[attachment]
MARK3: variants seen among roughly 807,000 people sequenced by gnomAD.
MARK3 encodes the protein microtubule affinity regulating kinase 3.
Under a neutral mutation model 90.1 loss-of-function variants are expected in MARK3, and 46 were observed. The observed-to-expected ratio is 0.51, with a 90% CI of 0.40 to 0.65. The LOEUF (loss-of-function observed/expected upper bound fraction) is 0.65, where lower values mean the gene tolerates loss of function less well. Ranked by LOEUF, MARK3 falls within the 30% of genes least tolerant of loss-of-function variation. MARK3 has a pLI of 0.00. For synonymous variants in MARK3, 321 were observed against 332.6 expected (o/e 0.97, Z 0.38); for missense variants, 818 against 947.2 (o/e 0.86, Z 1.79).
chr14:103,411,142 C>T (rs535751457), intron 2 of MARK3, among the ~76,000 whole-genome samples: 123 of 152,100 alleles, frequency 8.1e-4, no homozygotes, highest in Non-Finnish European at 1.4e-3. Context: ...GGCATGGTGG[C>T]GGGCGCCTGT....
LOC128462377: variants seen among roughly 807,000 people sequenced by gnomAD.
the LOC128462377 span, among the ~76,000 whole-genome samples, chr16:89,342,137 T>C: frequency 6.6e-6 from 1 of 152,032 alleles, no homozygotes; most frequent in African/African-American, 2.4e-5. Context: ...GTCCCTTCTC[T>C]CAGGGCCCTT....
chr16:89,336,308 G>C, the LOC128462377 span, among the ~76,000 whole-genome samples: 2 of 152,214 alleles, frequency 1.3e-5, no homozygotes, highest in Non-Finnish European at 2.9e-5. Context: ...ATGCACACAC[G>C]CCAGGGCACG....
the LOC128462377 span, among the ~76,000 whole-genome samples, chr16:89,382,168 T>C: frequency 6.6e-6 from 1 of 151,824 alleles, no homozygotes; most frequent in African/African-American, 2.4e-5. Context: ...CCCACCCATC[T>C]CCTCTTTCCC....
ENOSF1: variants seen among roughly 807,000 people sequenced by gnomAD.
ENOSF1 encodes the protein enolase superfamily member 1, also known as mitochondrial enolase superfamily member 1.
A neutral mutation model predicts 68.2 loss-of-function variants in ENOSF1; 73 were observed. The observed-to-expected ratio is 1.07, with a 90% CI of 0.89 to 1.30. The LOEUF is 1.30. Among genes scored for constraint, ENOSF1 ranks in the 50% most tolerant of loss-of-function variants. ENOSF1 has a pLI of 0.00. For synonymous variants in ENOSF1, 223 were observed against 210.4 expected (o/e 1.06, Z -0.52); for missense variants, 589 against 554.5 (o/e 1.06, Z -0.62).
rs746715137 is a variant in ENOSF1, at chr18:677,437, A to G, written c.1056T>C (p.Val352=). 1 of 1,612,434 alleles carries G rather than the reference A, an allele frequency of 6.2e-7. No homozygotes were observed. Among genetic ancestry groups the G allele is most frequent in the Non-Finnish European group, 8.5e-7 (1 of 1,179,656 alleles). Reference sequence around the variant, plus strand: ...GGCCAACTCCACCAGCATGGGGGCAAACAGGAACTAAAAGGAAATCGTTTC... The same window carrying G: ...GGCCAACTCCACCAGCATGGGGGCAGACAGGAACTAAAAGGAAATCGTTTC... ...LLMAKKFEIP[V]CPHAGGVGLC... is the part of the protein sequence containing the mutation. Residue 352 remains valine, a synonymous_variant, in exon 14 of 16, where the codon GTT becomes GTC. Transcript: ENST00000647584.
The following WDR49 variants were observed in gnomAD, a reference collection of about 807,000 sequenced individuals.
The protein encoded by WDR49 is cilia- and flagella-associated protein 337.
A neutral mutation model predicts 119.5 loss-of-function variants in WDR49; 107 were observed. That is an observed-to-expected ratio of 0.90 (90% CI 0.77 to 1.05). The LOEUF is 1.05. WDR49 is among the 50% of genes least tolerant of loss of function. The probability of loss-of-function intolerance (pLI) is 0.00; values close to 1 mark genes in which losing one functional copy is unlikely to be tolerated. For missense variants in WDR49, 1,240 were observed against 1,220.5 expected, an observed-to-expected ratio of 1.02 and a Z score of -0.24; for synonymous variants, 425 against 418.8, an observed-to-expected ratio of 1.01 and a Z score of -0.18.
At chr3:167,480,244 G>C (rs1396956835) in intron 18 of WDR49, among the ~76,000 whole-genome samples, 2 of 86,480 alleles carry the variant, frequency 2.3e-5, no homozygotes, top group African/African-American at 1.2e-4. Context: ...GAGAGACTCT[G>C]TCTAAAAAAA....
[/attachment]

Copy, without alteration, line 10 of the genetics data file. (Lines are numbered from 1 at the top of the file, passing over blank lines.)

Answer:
ENOSF1 encodes the protein enolase superfamily member 1, also known as mitochondrial enolase superfamily member 1.